Scottish Vote Holds Centre Stage

10 September, 2014

Simon Eastman

Tuesday was yet another day where the media continually reported on the various different polls showing how the vote is currently running and expected to go in the Scottish Independence referendum. Fundamentally, we just dont know for certain which way it’s going to go until the 18th September and even so, have no idea how a Yes vote will affect the markets, but that doesn’t really matter right now. As regular readers of our reports and for regular followers of the currency markets will be aware, the markets move on speculation and rumour rather than fact.

That in mind, the speculators still have plenty of time to move the markets and for now, they’re happy to keep short selling sterling as the campaigners north of the border continue to rally for independence. Meanwhile, south of the border down in the city, investors are not backing the pound and we yet again saw another day of sterling losses. This wasn’t helped by some fairly poor trade balance figures released in the morning which missed expectations by a whole 1 billion pounds! Industrial and manufacturing production results were a little above expectations, but to investors, this meant very little.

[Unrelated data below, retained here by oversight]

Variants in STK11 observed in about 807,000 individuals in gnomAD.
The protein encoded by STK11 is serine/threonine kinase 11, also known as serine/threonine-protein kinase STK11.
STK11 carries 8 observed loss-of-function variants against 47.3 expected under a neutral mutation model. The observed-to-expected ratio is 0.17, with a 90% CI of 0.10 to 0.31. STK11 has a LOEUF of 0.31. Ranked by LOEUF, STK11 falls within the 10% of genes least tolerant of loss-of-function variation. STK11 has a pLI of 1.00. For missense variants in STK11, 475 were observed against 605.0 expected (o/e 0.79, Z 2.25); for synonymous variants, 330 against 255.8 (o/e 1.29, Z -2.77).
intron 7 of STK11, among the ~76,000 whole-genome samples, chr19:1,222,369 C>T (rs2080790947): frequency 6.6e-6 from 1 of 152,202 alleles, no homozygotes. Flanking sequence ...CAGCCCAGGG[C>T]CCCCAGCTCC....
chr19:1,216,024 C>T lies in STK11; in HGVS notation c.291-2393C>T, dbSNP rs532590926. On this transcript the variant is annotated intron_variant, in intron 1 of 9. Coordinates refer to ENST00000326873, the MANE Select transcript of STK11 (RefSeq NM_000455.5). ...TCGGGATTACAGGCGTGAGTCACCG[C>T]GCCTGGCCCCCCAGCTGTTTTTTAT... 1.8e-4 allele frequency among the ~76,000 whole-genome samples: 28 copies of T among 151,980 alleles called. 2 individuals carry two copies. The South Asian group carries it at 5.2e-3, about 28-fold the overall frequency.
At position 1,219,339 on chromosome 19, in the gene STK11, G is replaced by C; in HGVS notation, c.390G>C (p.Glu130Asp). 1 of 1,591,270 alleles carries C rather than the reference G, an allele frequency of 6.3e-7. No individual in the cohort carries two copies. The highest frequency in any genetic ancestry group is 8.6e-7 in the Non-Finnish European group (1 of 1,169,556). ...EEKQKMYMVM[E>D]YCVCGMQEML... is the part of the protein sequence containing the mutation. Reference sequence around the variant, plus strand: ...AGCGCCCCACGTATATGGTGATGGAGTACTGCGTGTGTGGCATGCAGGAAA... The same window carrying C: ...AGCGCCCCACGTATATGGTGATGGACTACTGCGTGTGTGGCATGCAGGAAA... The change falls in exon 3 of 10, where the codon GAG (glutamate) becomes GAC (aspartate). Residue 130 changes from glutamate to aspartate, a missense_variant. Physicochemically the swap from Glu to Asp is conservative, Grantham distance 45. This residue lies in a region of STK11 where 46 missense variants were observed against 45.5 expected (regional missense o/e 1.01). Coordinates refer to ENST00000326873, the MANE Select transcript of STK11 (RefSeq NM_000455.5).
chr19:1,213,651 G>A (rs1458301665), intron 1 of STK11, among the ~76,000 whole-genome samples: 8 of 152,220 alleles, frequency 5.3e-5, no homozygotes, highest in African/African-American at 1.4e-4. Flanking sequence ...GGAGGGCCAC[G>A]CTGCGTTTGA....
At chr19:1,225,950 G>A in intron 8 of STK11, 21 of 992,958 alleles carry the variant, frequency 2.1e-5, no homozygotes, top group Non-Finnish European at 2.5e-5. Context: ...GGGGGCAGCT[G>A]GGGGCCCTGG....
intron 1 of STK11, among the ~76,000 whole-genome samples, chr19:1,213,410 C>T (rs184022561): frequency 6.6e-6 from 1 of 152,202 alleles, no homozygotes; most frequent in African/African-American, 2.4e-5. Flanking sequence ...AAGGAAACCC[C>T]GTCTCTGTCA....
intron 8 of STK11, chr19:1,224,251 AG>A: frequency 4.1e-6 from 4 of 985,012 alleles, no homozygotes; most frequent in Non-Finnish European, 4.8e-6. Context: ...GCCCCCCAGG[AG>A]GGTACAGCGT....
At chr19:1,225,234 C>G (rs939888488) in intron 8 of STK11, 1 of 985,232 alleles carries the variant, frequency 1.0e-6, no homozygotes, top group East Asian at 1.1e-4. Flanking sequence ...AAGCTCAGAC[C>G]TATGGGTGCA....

Mark Carney in a speech confirmed the Bank of England were looking at spring 2015 for the start of interest rates to go up here and with that in mind, having already been priced into the markets some time ago by investors, the pound had nothing to benefit from, as has been the same story for the past week.

So on to today, where we have the UK inflation report, which normally can bring about some sterling movement although it’s not worth holding onto this fact today. There are a few inflation readings from around Europe and nothing of note from the US this afternoon ahead of the RBNZ interest rate decision and policy statement this evening at 10pm BST. Anyone with a Kiwi dollar requirement could do well to look at purchasing their dollars before tonight just in case any surprises are announced and we see further dollar strength in addition to the 5 cents the Kiwi has made in as many days against the pound.

The main focus will as always be on Scotland as the government and opposition leaders head north to try and persuade voters that splitting from Great Britain is not the best option and they should vote No…. but is it too little, too late? For those reading with an upcoming currency transfer to make, it may be time to take what you can now just in case things get worse. One traders stated on the BBC news that it doesn’t matter to them what happens with Scotland, the pound is being sold and every time there is a spike it’s another opportunity to short sell and make more profit. It’s snowballing and the momentum towards selling sterling isn’t going to change anytime soon it seems, so the sooner you sell yours, the better off you foreign currency account will look!